The History Of Secret Santa Gift Exchanges Explained

Those who celebrate Christmas are surely familiar with the concept of the secret Santa. Whether between work colleagues, family members, or friends, a group will form, and each member will be assigned to another. It is then that person's responsibility to pick a secret Santa gift for whomever was assigned to them.

It's all very clandestine, and sometimes the group never learns who gave which gift to whom (even long after everything's been opened). This is all in keeping with the holiday, as, when it comes to Christmas, everyone has a different attitude toward the controversial practice of "shaking" wrapped gifts to try and determine the contents.

Every aspect of Christmas gift-giving is taken very seriously. Frighteningly so, in fact. According to Consumer Decisions, one-fifth of Americans buy themselves into debt at Christmas, while a reported $147 billion was spent online on holiday gifts in 2018. Why all the secretiveness, though? Here's a look at the fascinating history of the secret Santa tradition.

According to Secret Santa, this practice is a long-held tradition in European countries in particular. In Scandinavia, secret Santa is known as Julklapp. Participants often, instead of simply adding the name of the recipient to the parcel, write a verse or other humorous message on the box. This way, there's more fun involved in determining whose gift was whose.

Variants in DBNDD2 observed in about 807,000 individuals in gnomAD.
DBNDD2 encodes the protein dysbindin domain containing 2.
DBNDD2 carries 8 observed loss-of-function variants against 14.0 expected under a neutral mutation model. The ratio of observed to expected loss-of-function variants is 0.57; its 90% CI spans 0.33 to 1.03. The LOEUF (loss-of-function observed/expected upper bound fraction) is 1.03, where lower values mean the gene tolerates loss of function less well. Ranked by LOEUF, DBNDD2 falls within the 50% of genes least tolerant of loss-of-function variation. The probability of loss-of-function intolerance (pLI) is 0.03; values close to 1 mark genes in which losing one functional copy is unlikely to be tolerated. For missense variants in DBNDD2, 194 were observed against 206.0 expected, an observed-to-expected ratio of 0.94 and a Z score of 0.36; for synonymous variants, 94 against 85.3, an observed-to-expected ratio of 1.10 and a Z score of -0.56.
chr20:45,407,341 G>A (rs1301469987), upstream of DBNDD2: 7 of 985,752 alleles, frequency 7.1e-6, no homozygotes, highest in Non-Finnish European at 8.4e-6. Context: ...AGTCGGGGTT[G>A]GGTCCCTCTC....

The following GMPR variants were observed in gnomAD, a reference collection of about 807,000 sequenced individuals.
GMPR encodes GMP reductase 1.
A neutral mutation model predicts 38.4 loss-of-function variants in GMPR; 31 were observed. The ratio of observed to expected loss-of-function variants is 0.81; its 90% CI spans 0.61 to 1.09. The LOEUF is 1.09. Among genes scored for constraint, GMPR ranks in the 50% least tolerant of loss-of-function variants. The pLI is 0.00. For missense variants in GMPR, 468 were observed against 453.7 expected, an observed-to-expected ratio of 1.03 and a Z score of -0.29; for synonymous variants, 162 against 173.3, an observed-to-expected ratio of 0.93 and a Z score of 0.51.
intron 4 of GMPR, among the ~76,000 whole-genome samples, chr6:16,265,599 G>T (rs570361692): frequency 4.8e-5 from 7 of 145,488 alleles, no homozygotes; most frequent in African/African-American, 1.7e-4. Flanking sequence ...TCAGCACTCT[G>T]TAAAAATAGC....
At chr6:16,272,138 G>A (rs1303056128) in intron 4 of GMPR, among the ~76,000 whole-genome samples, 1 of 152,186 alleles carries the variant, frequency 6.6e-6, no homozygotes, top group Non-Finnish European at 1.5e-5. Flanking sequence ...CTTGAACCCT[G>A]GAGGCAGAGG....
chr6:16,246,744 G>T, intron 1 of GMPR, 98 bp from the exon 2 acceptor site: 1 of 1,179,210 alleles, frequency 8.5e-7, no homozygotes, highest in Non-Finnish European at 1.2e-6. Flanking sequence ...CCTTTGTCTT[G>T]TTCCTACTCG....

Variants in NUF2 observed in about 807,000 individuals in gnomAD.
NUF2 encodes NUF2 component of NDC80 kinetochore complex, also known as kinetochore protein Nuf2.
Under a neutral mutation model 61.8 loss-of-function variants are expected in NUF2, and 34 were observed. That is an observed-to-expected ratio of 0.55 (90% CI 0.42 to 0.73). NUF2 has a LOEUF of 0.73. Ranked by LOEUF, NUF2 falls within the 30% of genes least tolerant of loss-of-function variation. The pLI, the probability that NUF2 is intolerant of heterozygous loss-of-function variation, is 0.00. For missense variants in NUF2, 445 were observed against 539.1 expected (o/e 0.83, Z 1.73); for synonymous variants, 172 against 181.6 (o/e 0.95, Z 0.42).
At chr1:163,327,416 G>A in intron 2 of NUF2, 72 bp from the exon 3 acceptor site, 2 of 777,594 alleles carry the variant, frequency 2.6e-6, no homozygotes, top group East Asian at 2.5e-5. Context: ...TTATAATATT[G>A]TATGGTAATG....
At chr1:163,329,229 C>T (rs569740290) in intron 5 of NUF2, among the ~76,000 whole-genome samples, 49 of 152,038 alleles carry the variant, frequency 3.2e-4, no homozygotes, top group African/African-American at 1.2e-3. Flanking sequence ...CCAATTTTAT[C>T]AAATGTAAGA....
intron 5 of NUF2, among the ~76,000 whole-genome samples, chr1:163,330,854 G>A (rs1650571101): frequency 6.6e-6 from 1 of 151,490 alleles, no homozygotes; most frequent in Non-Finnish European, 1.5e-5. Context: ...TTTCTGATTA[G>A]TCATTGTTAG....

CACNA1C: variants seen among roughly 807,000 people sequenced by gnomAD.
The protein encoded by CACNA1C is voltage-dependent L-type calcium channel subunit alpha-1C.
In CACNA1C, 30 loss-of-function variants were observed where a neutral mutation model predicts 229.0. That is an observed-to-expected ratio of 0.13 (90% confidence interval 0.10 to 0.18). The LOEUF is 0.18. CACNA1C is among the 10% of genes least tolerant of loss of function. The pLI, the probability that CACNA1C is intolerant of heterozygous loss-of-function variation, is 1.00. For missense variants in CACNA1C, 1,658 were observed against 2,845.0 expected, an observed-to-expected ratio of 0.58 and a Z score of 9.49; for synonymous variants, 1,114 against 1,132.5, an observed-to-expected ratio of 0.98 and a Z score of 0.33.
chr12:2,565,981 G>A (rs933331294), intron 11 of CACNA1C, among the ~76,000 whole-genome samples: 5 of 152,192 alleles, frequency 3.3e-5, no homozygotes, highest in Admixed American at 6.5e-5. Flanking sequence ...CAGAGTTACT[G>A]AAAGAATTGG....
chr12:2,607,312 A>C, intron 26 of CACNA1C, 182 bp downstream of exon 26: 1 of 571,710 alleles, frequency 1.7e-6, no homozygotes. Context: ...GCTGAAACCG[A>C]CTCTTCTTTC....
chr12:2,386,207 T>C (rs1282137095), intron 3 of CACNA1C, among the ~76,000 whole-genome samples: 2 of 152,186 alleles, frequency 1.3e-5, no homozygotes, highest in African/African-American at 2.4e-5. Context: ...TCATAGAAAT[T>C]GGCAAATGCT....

Secret Santa is a blend of old and new traditions

Traditionally, per Secret Santa, they would then knock on a door, throw it open, and energetically heave the gift into the room (the recklessness of this would presumably depend on the fragility or otherwise of the item concerned), before hurrying away hopefully unseen. These rituals explain the name of the tradition. According to Secret Santa, "Jul" means Christmas and "klapp" means knock.

More recently, Larry Dean Stewart became known as the original secret Santa, per USA Today. Stewart was a Kansas City millionaire businessman who embarked on "sleigh rides" every holiday season, distributing dollar bills (typically $100) to the needy. He did this for 26 years (estimating that he'd given away about $1.3 million) before his death in 2007, and only those closest to him were privy to the secret. When strangers received a generous gift from him, he said "looks of hopelessness turn to looks of hope in an instant" (per USA Today).

As ABC News reported in 2012, Stewart's great anonymous gift-giving work goes on. The Society of Secret Santas continues to distribute dollar bills to those who could use them (members are reportedly taught to scan for distressed facial expressions and avoid identifying photography on joining). A close associate of the kindly millionaire, known only as Elf 32A, took the reindeer reins on Stewart's death.